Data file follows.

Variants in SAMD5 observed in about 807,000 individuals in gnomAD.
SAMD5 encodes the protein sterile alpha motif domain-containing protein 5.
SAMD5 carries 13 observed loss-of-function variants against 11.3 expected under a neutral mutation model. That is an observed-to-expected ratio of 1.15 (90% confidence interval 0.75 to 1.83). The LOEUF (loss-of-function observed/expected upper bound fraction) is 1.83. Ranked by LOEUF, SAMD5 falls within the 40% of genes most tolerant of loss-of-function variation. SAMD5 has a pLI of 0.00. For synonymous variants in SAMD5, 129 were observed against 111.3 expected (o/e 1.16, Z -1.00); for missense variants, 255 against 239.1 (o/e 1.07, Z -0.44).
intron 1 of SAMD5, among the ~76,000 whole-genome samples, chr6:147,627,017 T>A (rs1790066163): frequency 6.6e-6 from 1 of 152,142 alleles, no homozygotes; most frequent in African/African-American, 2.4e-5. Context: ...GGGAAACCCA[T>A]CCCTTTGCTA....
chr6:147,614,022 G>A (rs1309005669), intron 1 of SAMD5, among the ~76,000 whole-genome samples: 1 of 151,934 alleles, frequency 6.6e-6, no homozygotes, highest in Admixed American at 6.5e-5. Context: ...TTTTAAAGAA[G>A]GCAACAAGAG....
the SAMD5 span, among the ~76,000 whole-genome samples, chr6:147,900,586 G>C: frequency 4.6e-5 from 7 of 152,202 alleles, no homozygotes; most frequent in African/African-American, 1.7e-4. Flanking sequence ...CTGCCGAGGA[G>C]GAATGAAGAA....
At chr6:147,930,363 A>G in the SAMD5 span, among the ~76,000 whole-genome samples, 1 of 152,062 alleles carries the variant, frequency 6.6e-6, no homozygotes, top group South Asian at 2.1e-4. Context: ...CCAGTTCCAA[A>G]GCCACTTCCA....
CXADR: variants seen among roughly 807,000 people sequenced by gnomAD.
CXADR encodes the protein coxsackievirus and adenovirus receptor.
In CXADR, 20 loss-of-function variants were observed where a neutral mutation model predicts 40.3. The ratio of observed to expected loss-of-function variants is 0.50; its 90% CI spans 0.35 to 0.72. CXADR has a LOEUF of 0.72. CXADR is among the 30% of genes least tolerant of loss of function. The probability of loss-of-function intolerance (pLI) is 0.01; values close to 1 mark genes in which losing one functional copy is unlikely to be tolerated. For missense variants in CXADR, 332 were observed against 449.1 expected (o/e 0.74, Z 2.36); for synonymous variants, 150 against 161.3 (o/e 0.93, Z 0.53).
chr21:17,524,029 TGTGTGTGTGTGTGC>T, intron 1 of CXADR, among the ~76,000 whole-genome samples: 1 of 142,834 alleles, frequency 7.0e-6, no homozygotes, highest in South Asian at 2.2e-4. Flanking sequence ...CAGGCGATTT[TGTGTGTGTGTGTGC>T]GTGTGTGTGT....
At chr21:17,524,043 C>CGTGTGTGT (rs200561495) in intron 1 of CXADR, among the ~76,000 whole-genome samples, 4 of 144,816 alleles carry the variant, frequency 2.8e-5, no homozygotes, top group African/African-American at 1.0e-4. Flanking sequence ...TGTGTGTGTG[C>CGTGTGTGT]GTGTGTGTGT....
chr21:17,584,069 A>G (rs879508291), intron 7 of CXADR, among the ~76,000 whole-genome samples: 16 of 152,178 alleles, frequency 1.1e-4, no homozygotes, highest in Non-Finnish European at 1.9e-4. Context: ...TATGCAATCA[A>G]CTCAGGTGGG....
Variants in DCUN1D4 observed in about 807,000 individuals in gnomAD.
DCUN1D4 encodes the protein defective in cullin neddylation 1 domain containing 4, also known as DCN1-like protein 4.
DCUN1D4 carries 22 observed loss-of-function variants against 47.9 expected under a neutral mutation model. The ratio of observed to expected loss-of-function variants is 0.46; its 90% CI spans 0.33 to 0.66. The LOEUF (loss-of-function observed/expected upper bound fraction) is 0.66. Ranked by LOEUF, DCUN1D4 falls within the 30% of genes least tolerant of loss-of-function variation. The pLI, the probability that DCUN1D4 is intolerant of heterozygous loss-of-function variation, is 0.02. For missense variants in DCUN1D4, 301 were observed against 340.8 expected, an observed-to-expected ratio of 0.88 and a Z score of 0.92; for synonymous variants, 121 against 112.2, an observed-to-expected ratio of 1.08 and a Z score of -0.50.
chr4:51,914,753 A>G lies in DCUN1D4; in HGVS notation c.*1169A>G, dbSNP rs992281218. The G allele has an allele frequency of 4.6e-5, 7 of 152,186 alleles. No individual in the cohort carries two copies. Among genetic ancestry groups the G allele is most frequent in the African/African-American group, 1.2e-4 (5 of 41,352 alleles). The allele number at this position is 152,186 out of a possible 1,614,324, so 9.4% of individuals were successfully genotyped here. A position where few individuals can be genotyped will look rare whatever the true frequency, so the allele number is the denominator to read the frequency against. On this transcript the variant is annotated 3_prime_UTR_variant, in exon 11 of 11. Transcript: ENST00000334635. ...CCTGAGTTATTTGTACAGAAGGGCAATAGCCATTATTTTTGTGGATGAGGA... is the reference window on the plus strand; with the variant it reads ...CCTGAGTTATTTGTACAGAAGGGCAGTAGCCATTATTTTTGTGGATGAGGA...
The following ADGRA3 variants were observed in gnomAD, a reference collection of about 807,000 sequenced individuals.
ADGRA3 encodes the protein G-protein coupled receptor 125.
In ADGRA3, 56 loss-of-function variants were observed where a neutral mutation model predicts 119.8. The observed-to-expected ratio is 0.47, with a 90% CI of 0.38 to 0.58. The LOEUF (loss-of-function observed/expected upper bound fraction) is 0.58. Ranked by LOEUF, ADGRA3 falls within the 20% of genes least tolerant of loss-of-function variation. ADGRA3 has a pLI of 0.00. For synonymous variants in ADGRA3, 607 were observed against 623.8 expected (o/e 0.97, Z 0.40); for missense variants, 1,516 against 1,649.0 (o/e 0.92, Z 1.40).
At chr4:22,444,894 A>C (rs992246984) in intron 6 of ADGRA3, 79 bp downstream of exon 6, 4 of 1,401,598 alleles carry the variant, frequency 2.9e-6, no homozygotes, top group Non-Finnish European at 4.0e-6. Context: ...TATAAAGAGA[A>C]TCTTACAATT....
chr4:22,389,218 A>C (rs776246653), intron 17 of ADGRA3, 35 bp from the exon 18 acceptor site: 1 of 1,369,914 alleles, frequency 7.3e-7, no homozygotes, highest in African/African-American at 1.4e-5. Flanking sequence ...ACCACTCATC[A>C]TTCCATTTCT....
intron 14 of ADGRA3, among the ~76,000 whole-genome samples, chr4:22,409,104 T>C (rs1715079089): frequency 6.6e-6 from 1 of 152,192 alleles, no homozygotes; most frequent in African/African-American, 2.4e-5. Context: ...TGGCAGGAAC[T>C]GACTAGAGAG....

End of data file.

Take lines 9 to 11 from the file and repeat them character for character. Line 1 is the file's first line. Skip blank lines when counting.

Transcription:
CXADR encodes the protein coxsackievirus and adenovirus receptor.
In CXADR, 20 loss-of-function variants were observed where a neutral mutation model predicts 40.3. The ratio of observed to expected loss-of-function variants is 0.50; its 90% CI spans 0.35 to 0.72. CXADR has a LOEUF of 0.72. CXADR is among the 30% of genes least tolerant of loss of function. The probability of loss-of-function intolerance (pLI) is 0.01; values close to 1 mark genes in which losing one functional copy is unlikely to be tolerated. For missense variants in CXADR, 332 were observed against 449.1 expected (o/e 0.74, Z 2.36); for synonymous variants, 150 against 161.3 (o/e 0.93, Z 0.53).
chr21:17,524,029 TGTGTGTGTGTGTGC>T, intron 1 of CXADR, among the ~76,000 whole-genome samples: 1 of 142,834 alleles, frequency 7.0e-6, no homozygotes, highest in South Asian at 2.2e-4. Flanking sequence ...CAGGCGATTT[TGTGTGTGTGTGTGC>T]GTGTGTGTGT....